Limits...
A Translational Animal Model for Scar Compression Therapy Using an Automated Pressure Delivery System.

Alkhalil A, Tejiram S, Travis TE, Prindeze NJ, Carney BC, Moffatt LT, Johnson LS, Ramella-Roman J, Shupp JW - Eplasty (2015)

Bottom Line: Gross scar examination by the Vancouver Scar Scale showed significant and sustained (>4 weeks) improvement in pressure-treated scars (P < .05).Histological examination of pressure-treated scars showed a significant decrease in dermal thickness compared with other groups (P < .05).Cellular quantification showed differential changes among treatment groups.

View Article: PubMed Central - PubMed

Affiliation: Firefighters' Burn and Surgical Research Laboratory, MedStar Health Research Institute, Washington, DC.

ABSTRACT

Background: Pressure therapy has been used to prevent and treat hypertrophic scars following cutaneous injury despite the limited understanding of its mechanism of action and lack of established animal model to optimize its usage.

Objectives: The aim of this work was to test and characterize a novel automated pressure delivery system designed to deliver steady and controllable pressure in a red Duroc swine hypertrophic scar model.

Methods: Excisional wounds were created by dermatome on 6 red Duroc pigs and allowed to scar while assessed weekly via gross visual inspection, laser Doppler imaging, and biopsy. A portable novel automated pressure delivery system was mounted on developing scars (n = 6) for 2 weeks.

Results: The device maintained a pressure range of 30 ± 4 mm Hg for more than 90% of the 2-week treatment period. Pressure readings outside this designated range were attributed to normal animal behavior and responses to healing progression. Gross scar examination by the Vancouver Scar Scale showed significant and sustained (>4 weeks) improvement in pressure-treated scars (P < .05). Histological examination of pressure-treated scars showed a significant decrease in dermal thickness compared with other groups (P < .05). Pressure-treated scars also showed increased perfusion by laser Doppler imaging during the treatment period compared with sham-treated and untreated scars (P < .05). Cellular quantification showed differential changes among treatment groups.

Conclusion: These results illustrate the applications of this technology in hypertrophic scar Duroc swine model and the evaluation and optimization of pressure therapy in wound-healing and hypertrophic scar management.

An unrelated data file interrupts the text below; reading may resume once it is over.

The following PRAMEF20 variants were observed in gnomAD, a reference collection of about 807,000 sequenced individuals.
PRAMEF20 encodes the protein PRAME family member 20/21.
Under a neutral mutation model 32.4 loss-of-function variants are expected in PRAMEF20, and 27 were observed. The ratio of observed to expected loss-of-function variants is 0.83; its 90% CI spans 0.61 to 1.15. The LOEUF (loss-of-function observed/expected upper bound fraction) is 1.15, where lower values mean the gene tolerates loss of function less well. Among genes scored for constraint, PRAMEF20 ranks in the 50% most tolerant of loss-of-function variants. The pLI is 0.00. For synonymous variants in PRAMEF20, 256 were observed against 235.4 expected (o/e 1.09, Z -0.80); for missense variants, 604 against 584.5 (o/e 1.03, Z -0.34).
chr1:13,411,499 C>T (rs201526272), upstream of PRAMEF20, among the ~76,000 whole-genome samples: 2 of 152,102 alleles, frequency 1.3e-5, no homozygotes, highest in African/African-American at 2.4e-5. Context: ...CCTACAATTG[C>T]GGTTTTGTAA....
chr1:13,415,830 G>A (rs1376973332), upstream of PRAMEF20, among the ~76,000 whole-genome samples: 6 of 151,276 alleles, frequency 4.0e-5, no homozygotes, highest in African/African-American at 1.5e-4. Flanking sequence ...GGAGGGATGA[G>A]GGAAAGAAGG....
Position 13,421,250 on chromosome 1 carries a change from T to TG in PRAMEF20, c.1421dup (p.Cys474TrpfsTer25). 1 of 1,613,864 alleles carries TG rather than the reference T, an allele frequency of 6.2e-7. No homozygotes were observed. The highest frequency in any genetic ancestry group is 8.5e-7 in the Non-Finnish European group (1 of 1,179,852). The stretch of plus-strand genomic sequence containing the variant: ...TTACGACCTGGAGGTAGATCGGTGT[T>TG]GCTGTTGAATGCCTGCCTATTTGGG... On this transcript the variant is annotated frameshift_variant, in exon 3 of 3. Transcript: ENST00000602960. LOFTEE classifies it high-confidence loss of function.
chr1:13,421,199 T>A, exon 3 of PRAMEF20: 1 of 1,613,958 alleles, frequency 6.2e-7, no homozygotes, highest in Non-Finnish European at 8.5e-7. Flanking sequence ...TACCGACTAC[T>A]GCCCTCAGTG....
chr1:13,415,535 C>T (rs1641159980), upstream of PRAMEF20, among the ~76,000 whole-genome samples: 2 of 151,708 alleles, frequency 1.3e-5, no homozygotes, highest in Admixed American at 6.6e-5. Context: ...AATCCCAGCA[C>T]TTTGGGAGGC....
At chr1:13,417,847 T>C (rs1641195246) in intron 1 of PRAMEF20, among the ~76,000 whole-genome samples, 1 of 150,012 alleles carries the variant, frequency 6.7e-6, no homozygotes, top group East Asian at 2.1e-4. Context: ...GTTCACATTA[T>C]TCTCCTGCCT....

No MeSH data available.


Related in: MedlinePlus

Comparison of laser Doppler imaging results between different treatment modalities during and after the compression period. Row images of pressure-treated, sham-treated, and untreated scars at days 70 and 84 (a), temporal perfusion changes of days 63 and 112 for pressure-treated and sham-treated scars (b). The inset shows perfusion 2 hours after removal of the automated pressure delivery system at day 84.
© Copyright Policy - open-access
Related In: Results  -  Collection

License
getmorefigures.php?uid=PMC4492193&req=5

Figure 8: Comparison of laser Doppler imaging results between different treatment modalities during and after the compression period. Row images of pressure-treated, sham-treated, and untreated scars at days 70 and 84 (a), temporal perfusion changes of days 63 and 112 for pressure-treated and sham-treated scars (b). The inset shows perfusion 2 hours after removal of the automated pressure delivery system at day 84.

Mentions: Evaluation of wound perfusion before and after APDS mounting using LDI showed differences between pressure-treated scar and other arms of the study. While sham-treated and untreated scar produced laser Doppler images suggestive of no significant change, pressure-treated scar laser Doppler images showed evidence of increased scar perfusion by day 84 (Fig 8a). Further software-aided analysis confirmed a significant increase in scar perfusion (Fig 8b) relative to sham-treated and untreated scars during the treatment period.